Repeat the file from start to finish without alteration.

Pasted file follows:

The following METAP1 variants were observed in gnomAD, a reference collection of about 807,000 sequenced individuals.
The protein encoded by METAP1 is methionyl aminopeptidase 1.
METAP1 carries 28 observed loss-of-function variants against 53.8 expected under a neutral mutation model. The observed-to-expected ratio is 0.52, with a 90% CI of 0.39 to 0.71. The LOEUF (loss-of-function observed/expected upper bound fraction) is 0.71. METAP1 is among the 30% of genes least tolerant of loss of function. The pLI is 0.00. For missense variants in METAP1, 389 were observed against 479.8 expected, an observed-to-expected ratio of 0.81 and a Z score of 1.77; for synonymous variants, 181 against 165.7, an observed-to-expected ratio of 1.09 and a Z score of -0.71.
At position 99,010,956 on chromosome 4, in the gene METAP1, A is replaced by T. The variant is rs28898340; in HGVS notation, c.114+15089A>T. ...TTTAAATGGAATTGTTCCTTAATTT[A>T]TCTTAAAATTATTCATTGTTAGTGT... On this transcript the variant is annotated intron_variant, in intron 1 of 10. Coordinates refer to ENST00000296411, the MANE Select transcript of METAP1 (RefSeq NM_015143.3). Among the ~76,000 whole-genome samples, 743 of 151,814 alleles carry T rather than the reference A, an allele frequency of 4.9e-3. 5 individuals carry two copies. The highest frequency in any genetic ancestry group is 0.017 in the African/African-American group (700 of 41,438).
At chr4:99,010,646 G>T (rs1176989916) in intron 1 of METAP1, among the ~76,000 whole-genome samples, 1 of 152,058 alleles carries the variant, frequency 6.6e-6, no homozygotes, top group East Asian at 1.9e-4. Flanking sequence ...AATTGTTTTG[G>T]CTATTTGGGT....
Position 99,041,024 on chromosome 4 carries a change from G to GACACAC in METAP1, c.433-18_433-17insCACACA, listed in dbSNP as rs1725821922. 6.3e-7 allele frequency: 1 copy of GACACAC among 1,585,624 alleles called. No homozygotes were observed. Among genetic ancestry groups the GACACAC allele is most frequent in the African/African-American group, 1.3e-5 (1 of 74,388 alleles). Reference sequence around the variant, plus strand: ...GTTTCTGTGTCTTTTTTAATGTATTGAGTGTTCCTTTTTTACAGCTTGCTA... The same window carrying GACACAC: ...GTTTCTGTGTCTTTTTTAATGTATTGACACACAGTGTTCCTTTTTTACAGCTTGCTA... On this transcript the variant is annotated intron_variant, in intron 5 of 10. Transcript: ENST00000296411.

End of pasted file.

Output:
The following METAP1 variants were observed in gnomAD, a reference collection of about 807,000 sequenced individuals.
The protein encoded by METAP1 is methionyl aminopeptidase 1.
METAP1 carries 28 observed loss-of-function variants against 53.8 expected under a neutral mutation model. The observed-to-expected ratio is 0.52, with a 90% CI of 0.39 to 0.71. The LOEUF (loss-of-function observed/expected upper bound fraction) is 0.71. METAP1 is among the 30% of genes least tolerant of loss of function. The pLI is 0.00. For missense variants in METAP1, 389 were observed against 479.8 expected, an observed-to-expected ratio of 0.81 and a Z score of 1.77; for synonymous variants, 181 against 165.7, an observed-to-expected ratio of 1.09 and a Z score of -0.71.
At position 99,010,956 on chromosome 4, in the gene METAP1, A is replaced by T. The variant is rs28898340; in HGVS notation, c.114+15089A>T. ...TTTAAATGGAATTGTTCCTTAATTT[A>T]TCTTAAAATTATTCATTGTTAGTGT... On this transcript the variant is annotated intron_variant, in intron 1 of 10. Coordinates refer to ENST00000296411, the MANE Select transcript of METAP1 (RefSeq NM_015143.3). Among the ~76,000 whole-genome samples, 743 of 151,814 alleles carry T rather than the reference A, an allele frequency of 4.9e-3. 5 individuals carry two copies. The highest frequency in any genetic ancestry group is 0.017 in the African/African-American group (700 of 41,438).
At chr4:99,010,646 G>T (rs1176989916) in intron 1 of METAP1, among the ~76,000 whole-genome samples, 1 of 152,058 alleles carries the variant, frequency 6.6e-6, no homozygotes, top group East Asian at 1.9e-4. Flanking sequence ...AATTGTTTTG[G>T]CTATTTGGGT....
Position 99,041,024 on chromosome 4 carries a change from G to GACACAC in METAP1, c.433-18_433-17insCACACA, listed in dbSNP as rs1725821922. 6.3e-7 allele frequency: 1 copy of GACACAC among 1,585,624 alleles called. No homozygotes were observed. Among genetic ancestry groups the GACACAC allele is most frequent in the African/African-American group, 1.3e-5 (1 of 74,388 alleles). Reference sequence around the variant, plus strand: ...GTTTCTGTGTCTTTTTTAATGTATTGAGTGTTCCTTTTTTACAGCTTGCTA... The same window carrying GACACAC: ...GTTTCTGTGTCTTTTTTAATGTATTGACACACAGTGTTCCTTTTTTACAGCTTGCTA... On this transcript the variant is annotated intron_variant, in intron 5 of 10. Transcript: ENST00000296411.